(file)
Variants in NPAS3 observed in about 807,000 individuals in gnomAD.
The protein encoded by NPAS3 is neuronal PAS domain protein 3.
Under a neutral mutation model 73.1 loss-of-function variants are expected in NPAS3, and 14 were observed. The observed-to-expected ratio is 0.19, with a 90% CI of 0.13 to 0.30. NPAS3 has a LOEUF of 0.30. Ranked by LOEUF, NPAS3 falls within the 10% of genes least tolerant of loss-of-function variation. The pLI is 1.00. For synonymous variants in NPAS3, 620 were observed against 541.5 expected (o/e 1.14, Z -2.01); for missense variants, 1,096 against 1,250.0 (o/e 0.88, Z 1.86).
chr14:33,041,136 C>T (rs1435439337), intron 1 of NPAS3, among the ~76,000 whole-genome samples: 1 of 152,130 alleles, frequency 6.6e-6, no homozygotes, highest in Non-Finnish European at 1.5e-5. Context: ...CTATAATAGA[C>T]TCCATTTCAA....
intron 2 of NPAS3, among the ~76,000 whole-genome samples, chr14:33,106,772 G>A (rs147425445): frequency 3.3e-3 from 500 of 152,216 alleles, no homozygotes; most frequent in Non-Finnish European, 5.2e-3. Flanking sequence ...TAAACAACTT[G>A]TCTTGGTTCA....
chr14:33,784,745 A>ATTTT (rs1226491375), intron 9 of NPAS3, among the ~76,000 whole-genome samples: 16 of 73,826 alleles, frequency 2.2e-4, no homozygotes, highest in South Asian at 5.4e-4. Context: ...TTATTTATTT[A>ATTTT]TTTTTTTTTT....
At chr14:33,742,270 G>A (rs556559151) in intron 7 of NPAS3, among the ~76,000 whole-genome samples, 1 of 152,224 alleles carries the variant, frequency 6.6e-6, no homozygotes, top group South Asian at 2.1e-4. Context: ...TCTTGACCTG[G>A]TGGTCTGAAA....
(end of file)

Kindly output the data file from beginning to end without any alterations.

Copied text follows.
Variants in NPAS3 observed in about 807,000 individuals in gnomAD.
The protein encoded by NPAS3 is neuronal PAS domain protein 3.
Under a neutral mutation model 73.1 loss-of-function variants are expected in NPAS3, and 14 were observed. The observed-to-expected ratio is 0.19, with a 90% CI of 0.13 to 0.30. NPAS3 has a LOEUF of 0.30. Ranked by LOEUF, NPAS3 falls within the 10% of genes least tolerant of loss-of-function variation. The pLI is 1.00. For synonymous variants in NPAS3, 620 were observed against 541.5 expected (o/e 1.14, Z -2.01); for missense variants, 1,096 against 1,250.0 (o/e 0.88, Z 1.86).
chr14:33,041,136 C>T (rs1435439337), intron 1 of NPAS3, among the ~76,000 whole-genome samples: 1 of 152,130 alleles, frequency 6.6e-6, no homozygotes, highest in Non-Finnish European at 1.5e-5. Context: ...CTATAATAGA[C>T]TCCATTTCAA....
intron 2 of NPAS3, among the ~76,000 whole-genome samples, chr14:33,106,772 G>A (rs147425445): frequency 3.3e-3 from 500 of 152,216 alleles, no homozygotes; most frequent in Non-Finnish European, 5.2e-3. Flanking sequence ...TAAACAACTT[G>A]TCTTGGTTCA....
chr14:33,784,745 A>ATTTT (rs1226491375), intron 9 of NPAS3, among the ~76,000 whole-genome samples: 16 of 73,826 alleles, frequency 2.2e-4, no homozygotes, highest in South Asian at 5.4e-4. Context: ...TTATTTATTT[A>ATTTT]TTTTTTTTTT....
At chr14:33,742,270 G>A (rs556559151) in intron 7 of NPAS3, among the ~76,000 whole-genome samples, 1 of 152,224 alleles carries the variant, frequency 6.6e-6, no homozygotes, top group South Asian at 2.1e-4. Context: ...TCTTGACCTG[G>A]TGGTCTGAAA....